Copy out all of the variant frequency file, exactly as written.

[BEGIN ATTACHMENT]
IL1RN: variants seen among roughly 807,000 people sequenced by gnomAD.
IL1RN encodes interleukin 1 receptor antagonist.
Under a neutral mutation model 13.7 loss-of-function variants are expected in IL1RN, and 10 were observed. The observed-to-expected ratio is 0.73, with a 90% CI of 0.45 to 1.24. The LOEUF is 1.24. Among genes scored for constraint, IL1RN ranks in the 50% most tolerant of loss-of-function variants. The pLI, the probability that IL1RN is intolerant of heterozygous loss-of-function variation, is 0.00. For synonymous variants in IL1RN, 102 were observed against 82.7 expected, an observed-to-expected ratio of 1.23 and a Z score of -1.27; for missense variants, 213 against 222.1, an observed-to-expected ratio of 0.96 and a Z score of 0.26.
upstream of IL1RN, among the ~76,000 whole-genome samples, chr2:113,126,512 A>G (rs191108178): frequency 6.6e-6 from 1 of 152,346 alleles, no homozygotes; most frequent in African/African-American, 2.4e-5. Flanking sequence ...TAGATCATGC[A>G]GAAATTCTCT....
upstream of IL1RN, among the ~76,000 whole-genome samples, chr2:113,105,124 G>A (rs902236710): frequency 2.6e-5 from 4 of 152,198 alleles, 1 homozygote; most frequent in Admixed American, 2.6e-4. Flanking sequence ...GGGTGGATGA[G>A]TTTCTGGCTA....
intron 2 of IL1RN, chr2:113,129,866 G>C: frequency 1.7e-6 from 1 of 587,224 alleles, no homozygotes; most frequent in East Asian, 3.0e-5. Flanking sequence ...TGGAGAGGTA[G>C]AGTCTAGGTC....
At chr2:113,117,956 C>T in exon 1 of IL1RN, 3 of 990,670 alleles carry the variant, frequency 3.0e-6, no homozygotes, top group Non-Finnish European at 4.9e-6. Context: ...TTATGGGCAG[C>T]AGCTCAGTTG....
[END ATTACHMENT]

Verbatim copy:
IL1RN: variants seen among roughly 807,000 people sequenced by gnomAD.
IL1RN encodes interleukin 1 receptor antagonist.
Under a neutral mutation model 13.7 loss-of-function variants are expected in IL1RN, and 10 were observed. The observed-to-expected ratio is 0.73, with a 90% CI of 0.45 to 1.24. The LOEUF is 1.24. Among genes scored for constraint, IL1RN ranks in the 50% most tolerant of loss-of-function variants. The pLI, the probability that IL1RN is intolerant of heterozygous loss-of-function variation, is 0.00. For synonymous variants in IL1RN, 102 were observed against 82.7 expected, an observed-to-expected ratio of 1.23 and a Z score of -1.27; for missense variants, 213 against 222.1, an observed-to-expected ratio of 0.96 and a Z score of 0.26.
upstream of IL1RN, among the ~76,000 whole-genome samples, chr2:113,126,512 A>G (rs191108178): frequency 6.6e-6 from 1 of 152,346 alleles, no homozygotes; most frequent in African/African-American, 2.4e-5. Flanking sequence ...TAGATCATGC[A>G]GAAATTCTCT....
upstream of IL1RN, among the ~76,000 whole-genome samples, chr2:113,105,124 G>A (rs902236710): frequency 2.6e-5 from 4 of 152,198 alleles, 1 homozygote; most frequent in Admixed American, 2.6e-4. Flanking sequence ...GGGTGGATGA[G>A]TTTCTGGCTA....
intron 2 of IL1RN, chr2:113,129,866 G>C: frequency 1.7e-6 from 1 of 587,224 alleles, no homozygotes; most frequent in East Asian, 3.0e-5. Flanking sequence ...TGGAGAGGTA[G>C]AGTCTAGGTC....
At chr2:113,117,956 C>T in exon 1 of IL1RN, 3 of 990,670 alleles carry the variant, frequency 3.0e-6, no homozygotes, top group Non-Finnish European at 4.9e-6. Context: ...TTATGGGCAG[C>T]AGCTCAGTTG....